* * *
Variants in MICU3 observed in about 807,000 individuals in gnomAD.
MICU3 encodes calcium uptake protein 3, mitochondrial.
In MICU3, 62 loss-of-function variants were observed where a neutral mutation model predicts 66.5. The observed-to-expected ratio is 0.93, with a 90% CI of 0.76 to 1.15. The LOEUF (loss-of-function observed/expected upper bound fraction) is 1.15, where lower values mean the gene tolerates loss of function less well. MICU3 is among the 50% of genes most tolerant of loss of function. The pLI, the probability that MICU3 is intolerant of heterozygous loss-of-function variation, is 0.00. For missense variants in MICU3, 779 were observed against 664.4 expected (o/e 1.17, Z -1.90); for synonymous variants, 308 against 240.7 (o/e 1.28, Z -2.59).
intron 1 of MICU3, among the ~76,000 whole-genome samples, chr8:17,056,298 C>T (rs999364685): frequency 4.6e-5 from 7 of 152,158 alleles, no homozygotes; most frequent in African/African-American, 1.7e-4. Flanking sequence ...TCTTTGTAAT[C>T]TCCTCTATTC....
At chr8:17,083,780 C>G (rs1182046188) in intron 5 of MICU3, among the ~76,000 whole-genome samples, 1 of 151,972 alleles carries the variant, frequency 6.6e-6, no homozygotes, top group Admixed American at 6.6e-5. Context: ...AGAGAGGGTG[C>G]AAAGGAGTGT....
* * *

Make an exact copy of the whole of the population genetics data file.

Variants in MICU3 observed in about 807,000 individuals in gnomAD.
MICU3 encodes calcium uptake protein 3, mitochondrial.
In MICU3, 62 loss-of-function variants were observed where a neutral mutation model predicts 66.5. The observed-to-expected ratio is 0.93, with a 90% CI of 0.76 to 1.15. The LOEUF (loss-of-function observed/expected upper bound fraction) is 1.15, where lower values mean the gene tolerates loss of function less well. MICU3 is among the 50% of genes most tolerant of loss of function. The pLI, the probability that MICU3 is intolerant of heterozygous loss-of-function variation, is 0.00. For missense variants in MICU3, 779 were observed against 664.4 expected (o/e 1.17, Z -1.90); for synonymous variants, 308 against 240.7 (o/e 1.28, Z -2.59).
intron 1 of MICU3, among the ~76,000 whole-genome samples, chr8:17,056,298 C>T (rs999364685): frequency 4.6e-5 from 7 of 152,158 alleles, no homozygotes; most frequent in African/African-American, 1.7e-4. Flanking sequence ...TCTTTGTAAT[C>T]TCCTCTATTC....
At chr8:17,083,780 C>G (rs1182046188) in intron 5 of MICU3, among the ~76,000 whole-genome samples, 1 of 151,972 alleles carries the variant, frequency 6.6e-6, no homozygotes, top group Admixed American at 6.6e-5. Context: ...AGAGAGGGTG[C>G]AAAGGAGTGT....